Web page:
Reading is a magical activity that has the power to influence not only the way we feel when reading it, but the way we think, the way we act, and the way we see the world. For me, few series that have influenced me more than Harry Potter. It taught me about love and heartbreak, friendship and loyalty, bravery and courage, and there were even important lessons about feminism from Harry Potter.
Before I found my inner feminist through texts like The Bell Jar and "The Yellow Wallpaper", I was a nerdy little girl with her nose stuck in kids lit. I ate up stories with feminist heroes, like the Nancy Drew series and To Kill a Mockingbird, and I was thrilled whenever I discovered a girl on an adventure, like the sisters in Chronicles of Narnia series. When I found the Harry Potter books, I saw that even though the series was about a young boy wizard destined to save the world, there was something in the story for girls like me, too. Little did I know it was loaded with feminist lessons I would later live by.
Harry Potter can teach readers young and old about life, and here are 5 lessons it teaches us about feminism. Hermione Granger is only the beginning.
1. Girls And Women Aren't Just Damsels In Distress
The female characters in Harry Potter — whether we're talking about adventure seeking, troll chasing Hermione Granger or self-sacrificing, protective mothers Molly Weasley and Lily Potter — are all wonderful examples of women saving the day rather than needing to be saved themselves. These heroines are strong, smart, and brave, all of them fighting at the battle's front lines right alongside the men, and often times even better than the men. At its very basic level, the Harry Potter series teaches us a simple rule of feminism: women are strong and independent, and they don't need to be rescued by men.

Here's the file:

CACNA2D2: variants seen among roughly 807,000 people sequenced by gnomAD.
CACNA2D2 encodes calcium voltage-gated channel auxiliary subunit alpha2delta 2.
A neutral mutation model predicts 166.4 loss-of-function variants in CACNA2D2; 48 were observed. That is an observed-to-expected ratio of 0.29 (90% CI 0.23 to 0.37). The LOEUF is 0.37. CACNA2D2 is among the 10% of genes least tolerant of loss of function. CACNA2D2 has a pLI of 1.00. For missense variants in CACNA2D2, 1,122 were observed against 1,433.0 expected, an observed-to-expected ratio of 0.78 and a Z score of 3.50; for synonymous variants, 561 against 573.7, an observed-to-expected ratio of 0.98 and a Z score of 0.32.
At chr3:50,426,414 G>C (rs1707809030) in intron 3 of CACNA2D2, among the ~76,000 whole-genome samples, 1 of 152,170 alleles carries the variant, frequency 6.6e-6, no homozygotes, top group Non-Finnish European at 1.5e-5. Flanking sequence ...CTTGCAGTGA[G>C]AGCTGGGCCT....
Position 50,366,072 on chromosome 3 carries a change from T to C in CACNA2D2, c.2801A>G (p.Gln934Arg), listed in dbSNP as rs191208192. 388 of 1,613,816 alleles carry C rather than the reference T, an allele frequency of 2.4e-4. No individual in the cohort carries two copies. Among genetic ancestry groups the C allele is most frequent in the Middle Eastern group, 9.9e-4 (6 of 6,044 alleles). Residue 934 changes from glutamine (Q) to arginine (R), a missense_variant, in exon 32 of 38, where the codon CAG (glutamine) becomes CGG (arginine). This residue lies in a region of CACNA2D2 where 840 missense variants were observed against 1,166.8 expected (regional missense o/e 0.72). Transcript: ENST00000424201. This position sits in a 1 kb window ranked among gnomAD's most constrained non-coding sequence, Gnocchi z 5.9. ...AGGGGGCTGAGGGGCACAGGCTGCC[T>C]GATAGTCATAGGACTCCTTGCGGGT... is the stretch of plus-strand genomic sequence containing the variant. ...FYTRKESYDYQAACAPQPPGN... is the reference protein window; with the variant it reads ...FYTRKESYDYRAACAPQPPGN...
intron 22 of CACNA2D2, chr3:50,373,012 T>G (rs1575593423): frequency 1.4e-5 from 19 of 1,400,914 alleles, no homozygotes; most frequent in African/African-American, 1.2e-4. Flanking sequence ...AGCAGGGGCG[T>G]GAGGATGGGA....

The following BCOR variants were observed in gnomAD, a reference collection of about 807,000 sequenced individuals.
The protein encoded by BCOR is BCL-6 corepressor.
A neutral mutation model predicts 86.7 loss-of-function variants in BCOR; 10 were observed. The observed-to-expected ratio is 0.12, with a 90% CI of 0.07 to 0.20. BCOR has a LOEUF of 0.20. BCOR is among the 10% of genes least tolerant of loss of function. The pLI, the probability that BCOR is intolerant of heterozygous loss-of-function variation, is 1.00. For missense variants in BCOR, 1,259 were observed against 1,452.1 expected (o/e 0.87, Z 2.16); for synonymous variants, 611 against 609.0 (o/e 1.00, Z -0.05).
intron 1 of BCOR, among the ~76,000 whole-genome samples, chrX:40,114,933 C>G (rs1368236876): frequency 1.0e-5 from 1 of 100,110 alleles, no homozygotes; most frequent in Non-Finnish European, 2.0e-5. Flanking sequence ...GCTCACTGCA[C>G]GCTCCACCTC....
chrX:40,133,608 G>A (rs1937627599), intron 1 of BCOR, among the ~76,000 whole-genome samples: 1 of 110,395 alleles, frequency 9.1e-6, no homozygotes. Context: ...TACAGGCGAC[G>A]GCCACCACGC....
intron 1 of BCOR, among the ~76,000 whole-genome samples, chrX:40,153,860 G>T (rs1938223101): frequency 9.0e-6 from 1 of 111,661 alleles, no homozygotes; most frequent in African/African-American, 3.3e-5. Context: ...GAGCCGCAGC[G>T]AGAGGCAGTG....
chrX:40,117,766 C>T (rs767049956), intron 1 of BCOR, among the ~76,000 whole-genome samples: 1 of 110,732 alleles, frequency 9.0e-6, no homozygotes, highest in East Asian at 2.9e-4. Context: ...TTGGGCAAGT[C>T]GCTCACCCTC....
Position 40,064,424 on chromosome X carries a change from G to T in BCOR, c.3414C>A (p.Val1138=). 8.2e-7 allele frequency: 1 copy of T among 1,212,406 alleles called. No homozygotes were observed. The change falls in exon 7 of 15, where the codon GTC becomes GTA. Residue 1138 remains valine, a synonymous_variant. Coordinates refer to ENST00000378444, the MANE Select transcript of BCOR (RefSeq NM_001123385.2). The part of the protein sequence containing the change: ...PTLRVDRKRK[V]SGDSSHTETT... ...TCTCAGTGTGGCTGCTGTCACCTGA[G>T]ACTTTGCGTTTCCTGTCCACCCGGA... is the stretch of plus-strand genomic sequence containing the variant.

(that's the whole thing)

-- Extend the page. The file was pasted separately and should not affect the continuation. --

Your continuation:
2. A Woman Is Not Defined By Motherhood — Or Weakened By It
With the inclusion of inspiring role models like Molly Weasley and Minerva McGonagall, the Harry Potter series helps teach us that women can decide what kind of future is right for them, whether that means becoming a mother or not. Womanhood, motherhood, and family are concepts that will always be intertwined, but they don't have to define one another. Professor McGonagall, an independent and successful woman in her field, chose to remain childless throughout her life, but her "alternate" life choices did not make her any less happy, fulfilled, or woman-like. On the other hand, Molly Weasley decided to dedicate her life to her family and become a homemaker, but as we all know, her "traditional" life choices certainly didn't stifle her or make her weak. Neither woman was solely defined by their family, or lack thereof, but instead by their own strengths, passions, and desires. A woman is who she chooses to be, and that means whatever is right for her, not society.
3. When Given The Same Playing Field, Men And Women Are Truly Equal
The thing that separates the power of men and the power of women is not their strength, smarts, or ability, but their opportunity, and Harry Potter teaches us that. Whether it was the diverse staff at Hogwarts, the inclusion of many women in the magical government, or the fact that some of the best Quidditch players were women, Harry Potter was filled with example after example of how accomplished women can be when given the chance. They can, quite literally, fly past the men on the playing field, as long as they are allowed to play on it with them.
4. It Is Essential To Stand Up For What You Believe In
Hermione Granger is an amazing feminist hero for so many reasons, but one of the most admirable things about her is her passion for fighting injustice and voicing her opinions. Whether it was an argument with her two (male) best friends about what women can and can't do, or a full-blown campaign for equal rights for house elves, Hermione helped teach us how important it is to stand up for what you believe in, especially when it comes to social injustices (cough, women's rights).
5. Women Can Be Whatever They Want To Be
The female characters in Harry Potter were everything from stay at home mothers to educators to reporters to professional sports players, and so many other things in between. From Molly to Ginny to, yes, even Reeta Skeeter, the cast of Harry Potter were all great examples of all the things women can be, which is literally anything. There is no limit to what a woman can do when given the equal same opportunities men are given.
Images: Warner Bros. Pictures; Giphy (5)